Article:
Attorney General Eric Holder urged Congress to pass a new hate crimes law so the government could prosecute cases of violence based on sexual orientation, gender or disability.
At a Senate Judiciary Committee hearing Thursday, he cited the recent killing of a security guard at the U.S. Holocaust Memorial Museum in Washington. The alleged assailant is a white supremacist.
"One has to look at the unfortunate history of our nation. There are groups that have been singled out, that have been targets of violence," the attorney general said. "We have to face and confront that reality."
Lawmakers debated the possible effect of the Matthew Shepard Hate Crimes Prevention Act, named after a gay man killed in Wyoming in 1998. It would allow federal prosecution of violence committed because of the actual or perceived gender, disability, sexual orientation and gender identity of the victim.
For more than a decade, Democrats have sought to update the hate crimes law, which already makes it a federal crime to attack someone because of their race, creed or color.
Expansion of federal power?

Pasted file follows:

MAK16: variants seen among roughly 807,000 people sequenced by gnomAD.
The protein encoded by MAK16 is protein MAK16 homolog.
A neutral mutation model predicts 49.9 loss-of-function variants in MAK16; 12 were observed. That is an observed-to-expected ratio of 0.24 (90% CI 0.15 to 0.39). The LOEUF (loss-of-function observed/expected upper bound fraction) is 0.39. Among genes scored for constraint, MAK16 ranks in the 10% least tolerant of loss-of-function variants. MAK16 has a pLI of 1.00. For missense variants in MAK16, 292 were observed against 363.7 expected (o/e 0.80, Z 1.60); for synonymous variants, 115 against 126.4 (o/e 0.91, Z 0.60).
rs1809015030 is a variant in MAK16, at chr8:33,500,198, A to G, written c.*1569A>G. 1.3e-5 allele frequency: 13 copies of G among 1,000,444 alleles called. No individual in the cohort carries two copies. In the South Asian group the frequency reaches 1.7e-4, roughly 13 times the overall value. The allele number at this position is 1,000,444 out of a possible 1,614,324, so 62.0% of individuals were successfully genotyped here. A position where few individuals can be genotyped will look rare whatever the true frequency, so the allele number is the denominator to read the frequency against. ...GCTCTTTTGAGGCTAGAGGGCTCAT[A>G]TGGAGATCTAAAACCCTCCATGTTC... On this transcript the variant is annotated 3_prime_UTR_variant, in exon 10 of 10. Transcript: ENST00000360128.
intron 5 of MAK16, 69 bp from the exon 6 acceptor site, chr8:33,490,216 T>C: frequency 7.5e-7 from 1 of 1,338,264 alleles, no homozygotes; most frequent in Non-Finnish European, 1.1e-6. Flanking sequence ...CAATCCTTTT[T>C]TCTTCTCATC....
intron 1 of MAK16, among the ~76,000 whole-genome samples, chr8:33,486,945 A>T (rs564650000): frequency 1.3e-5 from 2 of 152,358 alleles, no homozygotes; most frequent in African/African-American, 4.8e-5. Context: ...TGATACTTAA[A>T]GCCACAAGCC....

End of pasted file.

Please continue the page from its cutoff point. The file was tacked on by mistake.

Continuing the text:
Republicans questioned whether the change would expand federal power unnecessarily into cases already being prosecuted by state and local officials. They also asked why certain victims of violence should be singled out for particular types of protection.
"That's part of the problem. Some are protected groups and get special protection under this law," said Alabama Sen. Jeff Sessions, the committee's top Republican. "You argued your case. I've listened to it and I'm not persuaded."
According to FBI data, the number of hate crimes per year is relatively unchanged in the past 10 years. In 1998, the FBI reported 7,755 hate crime incidents and 7,624 in 2007.
About half of all hate crimes are motivated by racial bias. The other two most frequent hate crimes are those motivated by religion or sexual orientation.
Crimes against Hispanics
Holder said the statistics show hate crimes against Hispanics have increased four years in a row.
Sen. Dianne Feinstein, D-Calif., said some of the debate in her state over immigration "has been part of hate and people have been beaten up because they happen to be Hispanic, they happen to be on a street corner where somebody doesn't want them."
Sessions, who opposes the bill, and Democratic Sen. Richard Durbin of Illinois, who supports it, asked whether the law could be used to prosecute a church leader who speaks out against homosexuality, if a member of that congregation then assaults a gay person.
"This is a bill to hold people accountable for conduct, not for speech," Holder insisted.
The Traditional Values Coalition is urging lawmakers to vote against the bill, claiming it will jeopardize religious freedoms and "elevate" homosexuality within federal law.